Poland - Country history and economic development

966. Poland's Duke Mieszko I is baptized and Poland accepts Christianity.

1025. Boleslaw is crowned the first king of Poland.

1385. The commonwealth of Poland and Lithuania is created through a treaty.

1683. King Jan Sobieski III defeats the army of the Ottoman Empire in the battle of Vienna.

1772. Poland is partitioned (divided) by Russia, Austria, and Prussia.

1795. Polish-American hero Tadeusz Kosciuszko leads an insurrection against Russia, one of many that occur as Poland loses all the functionings of an independent state as it is subsumed into the partitioning countries. Poland ceases to exist as an independent nation until 1918.

1918. Poland is reborn at the end of World War I; Ignacy Paderewski becomes the first prime minister.

1920. Poland fights a war with the Soviet Union and successfully defends itself against the Red Army.

1939. On 1 September Nazi Germany invades Poland signaling the beginning of World War II; on 17 September Russian leader Josef Stalin orders the Red Army to enter Poland in accordance with the secret treaty between the Soviet Union and Germany; Poland is occupied until 1945.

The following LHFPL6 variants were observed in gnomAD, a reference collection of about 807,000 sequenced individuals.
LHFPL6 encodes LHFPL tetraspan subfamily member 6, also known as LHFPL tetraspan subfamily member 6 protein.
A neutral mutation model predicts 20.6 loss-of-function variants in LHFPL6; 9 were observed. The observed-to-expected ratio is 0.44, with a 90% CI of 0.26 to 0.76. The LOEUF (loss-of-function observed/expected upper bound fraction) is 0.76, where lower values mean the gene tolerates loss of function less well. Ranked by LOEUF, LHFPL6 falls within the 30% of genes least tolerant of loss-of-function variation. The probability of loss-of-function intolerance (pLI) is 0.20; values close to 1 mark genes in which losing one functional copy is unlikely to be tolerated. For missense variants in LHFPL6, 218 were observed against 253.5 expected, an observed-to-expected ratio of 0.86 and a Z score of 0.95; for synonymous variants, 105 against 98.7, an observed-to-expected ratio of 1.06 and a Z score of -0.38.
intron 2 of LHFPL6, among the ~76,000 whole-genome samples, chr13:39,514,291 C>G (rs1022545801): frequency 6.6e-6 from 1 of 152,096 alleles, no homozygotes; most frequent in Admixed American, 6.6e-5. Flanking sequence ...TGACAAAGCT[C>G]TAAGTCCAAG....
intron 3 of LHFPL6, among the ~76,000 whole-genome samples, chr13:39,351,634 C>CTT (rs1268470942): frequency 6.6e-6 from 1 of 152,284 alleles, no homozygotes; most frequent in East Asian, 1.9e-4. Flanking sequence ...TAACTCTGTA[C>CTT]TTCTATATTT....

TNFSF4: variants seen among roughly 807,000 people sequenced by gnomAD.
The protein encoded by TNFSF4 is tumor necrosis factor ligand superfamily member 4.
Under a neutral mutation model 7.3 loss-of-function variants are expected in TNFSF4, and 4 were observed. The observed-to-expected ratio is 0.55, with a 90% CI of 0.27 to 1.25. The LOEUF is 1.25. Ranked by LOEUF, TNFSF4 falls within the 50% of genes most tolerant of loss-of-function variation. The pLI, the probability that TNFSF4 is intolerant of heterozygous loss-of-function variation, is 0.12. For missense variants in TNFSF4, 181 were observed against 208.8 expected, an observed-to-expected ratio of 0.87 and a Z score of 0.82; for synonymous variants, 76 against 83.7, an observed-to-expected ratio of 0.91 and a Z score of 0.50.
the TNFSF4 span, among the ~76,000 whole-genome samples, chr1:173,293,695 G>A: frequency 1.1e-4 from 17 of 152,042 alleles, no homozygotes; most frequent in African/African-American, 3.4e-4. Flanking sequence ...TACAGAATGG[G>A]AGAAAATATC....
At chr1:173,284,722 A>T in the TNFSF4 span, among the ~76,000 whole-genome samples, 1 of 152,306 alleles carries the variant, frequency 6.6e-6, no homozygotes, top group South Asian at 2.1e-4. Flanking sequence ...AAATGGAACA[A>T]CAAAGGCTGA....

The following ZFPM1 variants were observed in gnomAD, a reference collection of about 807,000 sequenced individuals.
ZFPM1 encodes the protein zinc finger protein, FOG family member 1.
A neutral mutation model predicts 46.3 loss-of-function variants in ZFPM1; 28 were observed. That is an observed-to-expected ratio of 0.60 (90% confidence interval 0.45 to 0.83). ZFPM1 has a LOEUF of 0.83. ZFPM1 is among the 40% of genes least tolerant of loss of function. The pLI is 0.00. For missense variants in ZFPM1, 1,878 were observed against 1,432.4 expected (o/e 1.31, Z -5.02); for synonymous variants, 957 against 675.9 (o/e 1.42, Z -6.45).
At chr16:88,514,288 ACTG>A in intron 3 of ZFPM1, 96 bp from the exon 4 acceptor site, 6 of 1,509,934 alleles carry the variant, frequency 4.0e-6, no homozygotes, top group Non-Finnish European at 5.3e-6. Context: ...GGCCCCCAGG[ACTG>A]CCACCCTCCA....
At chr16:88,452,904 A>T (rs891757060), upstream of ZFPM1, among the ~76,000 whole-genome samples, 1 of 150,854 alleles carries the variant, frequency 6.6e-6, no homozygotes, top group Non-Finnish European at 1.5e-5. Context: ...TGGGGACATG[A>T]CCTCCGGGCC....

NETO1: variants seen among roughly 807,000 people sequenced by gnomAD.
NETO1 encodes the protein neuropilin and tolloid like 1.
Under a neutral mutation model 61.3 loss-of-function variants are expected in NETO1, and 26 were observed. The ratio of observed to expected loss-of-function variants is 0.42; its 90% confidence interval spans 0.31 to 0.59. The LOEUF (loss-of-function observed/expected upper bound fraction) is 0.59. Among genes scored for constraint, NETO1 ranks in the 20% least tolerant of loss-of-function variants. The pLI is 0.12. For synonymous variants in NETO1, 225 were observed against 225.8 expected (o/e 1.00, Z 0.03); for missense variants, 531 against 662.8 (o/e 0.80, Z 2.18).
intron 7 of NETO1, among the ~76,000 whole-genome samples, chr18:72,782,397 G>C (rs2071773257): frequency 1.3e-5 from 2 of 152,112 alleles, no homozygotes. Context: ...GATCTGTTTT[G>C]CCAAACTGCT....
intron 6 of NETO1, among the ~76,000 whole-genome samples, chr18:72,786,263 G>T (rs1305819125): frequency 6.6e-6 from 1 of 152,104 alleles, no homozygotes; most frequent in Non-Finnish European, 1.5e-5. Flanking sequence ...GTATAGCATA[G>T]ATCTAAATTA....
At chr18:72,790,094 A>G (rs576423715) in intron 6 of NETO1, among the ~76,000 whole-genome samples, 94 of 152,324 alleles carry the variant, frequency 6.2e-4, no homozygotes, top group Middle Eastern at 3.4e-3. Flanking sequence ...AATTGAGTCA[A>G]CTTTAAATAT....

1940. The Polish government-in-exile formed in the United Kingdom organizes a system of military and civilian communication in occupied Poland.

1945. Warsaw is liberated and Poland is freed of Nazi occupation.

1948. The Soviet Union installs a communist government in Poland, leading to over 40 years of centrally-planned economic organization.

1956. In June, protests against Soviet control in the city of Poznan end with nearly 80 dead; by October, the ruling regime installs new leadership and temporarily relaxes some controls.

1970. The December protests of shipyard workers against food price increases lead to violent action by government security forces in the Baltic cities of Szczecin, Gdynia, and Gdansk.

1976. Following another wave of protests, the Polish opposition forms the Committee for Workers' Defense and begins to organize the underground publication of officially banned writers and intellectuals.

1979. Polish Cardinal Karol Wojtyla, the Roman Catholic Archbishop of Cracow, is elected Pope John Paul II.

1980. The independent trade union "Solidarity," led by Lech Walesa, is born in Gdansk.

1981. Martial law is introduced on 13 December, and there are widespread arrests of Solidarity activists.

1989. Negotiations lead to a peaceful transfer of power to the opposition; the first free elections are held in Poland since the end of World War II.

1997. A new constitution is adopted in a nationwide referendum.

1999. Poland joins the North Atlantic Treaty Organization (NATO).

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